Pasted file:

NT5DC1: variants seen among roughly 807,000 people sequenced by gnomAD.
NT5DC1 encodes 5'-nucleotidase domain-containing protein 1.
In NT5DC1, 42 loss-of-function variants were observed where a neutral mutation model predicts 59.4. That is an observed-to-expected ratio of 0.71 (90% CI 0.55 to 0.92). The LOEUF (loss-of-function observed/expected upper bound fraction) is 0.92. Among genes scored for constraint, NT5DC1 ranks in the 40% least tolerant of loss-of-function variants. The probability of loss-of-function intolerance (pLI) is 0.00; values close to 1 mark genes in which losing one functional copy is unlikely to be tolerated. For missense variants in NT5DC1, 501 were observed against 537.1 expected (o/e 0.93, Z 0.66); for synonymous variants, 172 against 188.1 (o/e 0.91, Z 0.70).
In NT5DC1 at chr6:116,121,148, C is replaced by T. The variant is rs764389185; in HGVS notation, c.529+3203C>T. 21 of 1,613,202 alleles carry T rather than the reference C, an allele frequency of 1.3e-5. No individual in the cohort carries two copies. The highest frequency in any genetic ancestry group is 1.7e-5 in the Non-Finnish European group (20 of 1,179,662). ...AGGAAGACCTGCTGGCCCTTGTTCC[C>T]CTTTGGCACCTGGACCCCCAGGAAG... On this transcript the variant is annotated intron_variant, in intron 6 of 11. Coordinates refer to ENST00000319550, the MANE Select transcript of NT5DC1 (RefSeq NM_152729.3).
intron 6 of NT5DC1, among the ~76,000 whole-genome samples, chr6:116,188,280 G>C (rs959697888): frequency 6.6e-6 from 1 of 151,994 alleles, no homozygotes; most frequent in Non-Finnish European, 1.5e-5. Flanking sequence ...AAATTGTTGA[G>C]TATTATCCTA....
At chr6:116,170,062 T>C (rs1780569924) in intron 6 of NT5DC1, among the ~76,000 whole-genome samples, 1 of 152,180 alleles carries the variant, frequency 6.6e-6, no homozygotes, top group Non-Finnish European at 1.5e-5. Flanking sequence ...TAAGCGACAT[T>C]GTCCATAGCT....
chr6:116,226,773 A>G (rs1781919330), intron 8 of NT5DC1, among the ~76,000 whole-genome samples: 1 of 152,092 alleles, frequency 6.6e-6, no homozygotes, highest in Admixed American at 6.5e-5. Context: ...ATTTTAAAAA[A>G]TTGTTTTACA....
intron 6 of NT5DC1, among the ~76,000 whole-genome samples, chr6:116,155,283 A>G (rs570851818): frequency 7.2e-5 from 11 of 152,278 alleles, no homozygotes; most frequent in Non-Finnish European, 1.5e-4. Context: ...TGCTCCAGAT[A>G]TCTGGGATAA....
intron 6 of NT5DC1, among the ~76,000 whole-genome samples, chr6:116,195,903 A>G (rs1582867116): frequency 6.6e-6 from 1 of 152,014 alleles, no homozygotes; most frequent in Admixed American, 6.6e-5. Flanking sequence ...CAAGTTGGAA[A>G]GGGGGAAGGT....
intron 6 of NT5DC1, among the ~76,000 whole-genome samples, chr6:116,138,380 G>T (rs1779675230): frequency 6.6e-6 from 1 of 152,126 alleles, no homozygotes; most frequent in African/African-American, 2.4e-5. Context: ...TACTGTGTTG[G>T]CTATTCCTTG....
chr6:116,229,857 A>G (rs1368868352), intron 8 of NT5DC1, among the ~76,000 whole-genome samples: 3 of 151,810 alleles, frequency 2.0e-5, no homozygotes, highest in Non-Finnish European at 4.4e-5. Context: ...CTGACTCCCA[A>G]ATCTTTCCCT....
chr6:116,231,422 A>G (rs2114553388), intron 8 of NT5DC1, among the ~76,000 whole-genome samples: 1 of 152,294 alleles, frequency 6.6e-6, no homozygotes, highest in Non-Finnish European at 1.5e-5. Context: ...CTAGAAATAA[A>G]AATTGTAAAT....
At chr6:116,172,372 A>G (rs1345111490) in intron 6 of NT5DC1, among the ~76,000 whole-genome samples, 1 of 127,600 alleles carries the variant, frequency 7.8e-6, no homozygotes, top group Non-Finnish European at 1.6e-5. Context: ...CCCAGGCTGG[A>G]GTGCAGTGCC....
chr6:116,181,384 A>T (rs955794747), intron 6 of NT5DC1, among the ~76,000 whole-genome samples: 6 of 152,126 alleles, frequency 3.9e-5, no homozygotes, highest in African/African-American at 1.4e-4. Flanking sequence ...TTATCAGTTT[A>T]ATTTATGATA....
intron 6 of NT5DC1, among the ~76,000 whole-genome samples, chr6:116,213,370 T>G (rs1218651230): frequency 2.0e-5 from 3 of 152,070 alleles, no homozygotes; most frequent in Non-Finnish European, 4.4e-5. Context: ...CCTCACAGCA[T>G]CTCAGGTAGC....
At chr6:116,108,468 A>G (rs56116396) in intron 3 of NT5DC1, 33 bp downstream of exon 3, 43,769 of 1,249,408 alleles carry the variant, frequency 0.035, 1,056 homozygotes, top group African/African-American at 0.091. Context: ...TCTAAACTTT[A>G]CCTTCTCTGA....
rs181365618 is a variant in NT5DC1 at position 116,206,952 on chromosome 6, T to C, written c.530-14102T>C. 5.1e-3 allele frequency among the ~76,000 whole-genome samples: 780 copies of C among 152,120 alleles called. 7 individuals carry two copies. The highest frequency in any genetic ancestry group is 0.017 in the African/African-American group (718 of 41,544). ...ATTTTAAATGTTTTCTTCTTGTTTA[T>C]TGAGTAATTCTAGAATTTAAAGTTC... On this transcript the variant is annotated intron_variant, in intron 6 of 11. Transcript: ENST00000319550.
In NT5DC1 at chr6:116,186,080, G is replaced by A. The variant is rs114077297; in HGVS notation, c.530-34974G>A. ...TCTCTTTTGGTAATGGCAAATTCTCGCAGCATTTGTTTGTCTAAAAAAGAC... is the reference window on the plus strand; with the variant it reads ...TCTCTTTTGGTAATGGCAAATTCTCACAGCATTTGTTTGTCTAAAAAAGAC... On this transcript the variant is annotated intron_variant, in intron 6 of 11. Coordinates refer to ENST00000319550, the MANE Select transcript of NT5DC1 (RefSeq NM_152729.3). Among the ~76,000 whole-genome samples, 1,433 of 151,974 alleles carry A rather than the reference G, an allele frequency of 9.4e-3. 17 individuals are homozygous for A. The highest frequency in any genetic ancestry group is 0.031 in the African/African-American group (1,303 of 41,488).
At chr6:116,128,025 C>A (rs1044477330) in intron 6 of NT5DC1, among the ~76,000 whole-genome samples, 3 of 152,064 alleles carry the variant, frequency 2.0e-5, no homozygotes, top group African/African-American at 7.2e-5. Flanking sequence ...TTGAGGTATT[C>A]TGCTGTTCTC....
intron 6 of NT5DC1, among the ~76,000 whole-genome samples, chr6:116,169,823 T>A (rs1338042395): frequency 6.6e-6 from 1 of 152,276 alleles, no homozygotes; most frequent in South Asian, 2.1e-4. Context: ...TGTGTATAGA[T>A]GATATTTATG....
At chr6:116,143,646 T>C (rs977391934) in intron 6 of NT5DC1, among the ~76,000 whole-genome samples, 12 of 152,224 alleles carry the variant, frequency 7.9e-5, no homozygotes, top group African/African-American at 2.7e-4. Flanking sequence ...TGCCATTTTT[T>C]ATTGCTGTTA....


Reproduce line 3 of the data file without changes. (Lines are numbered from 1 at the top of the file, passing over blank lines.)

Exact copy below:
In NT5DC1, 42 loss-of-function variants were observed where a neutral mutation model predicts 59.4. That is an observed-to-expected ratio of 0.71 (90% CI 0.55 to 0.92). The LOEUF (loss-of-function observed/expected upper bound fraction) is 0.92. Among genes scored for constraint, NT5DC1 ranks in the 40% least tolerant of loss-of-function variants. The probability of loss-of-function intolerance (pLI) is 0.00; values close to 1 mark genes in which losing one functional copy is unlikely to be tolerated. For missense variants in NT5DC1, 501 were observed against 537.1 expected (o/e 0.93, Z 0.66); for synonymous variants, 172 against 188.1 (o/e 0.91, Z 0.70).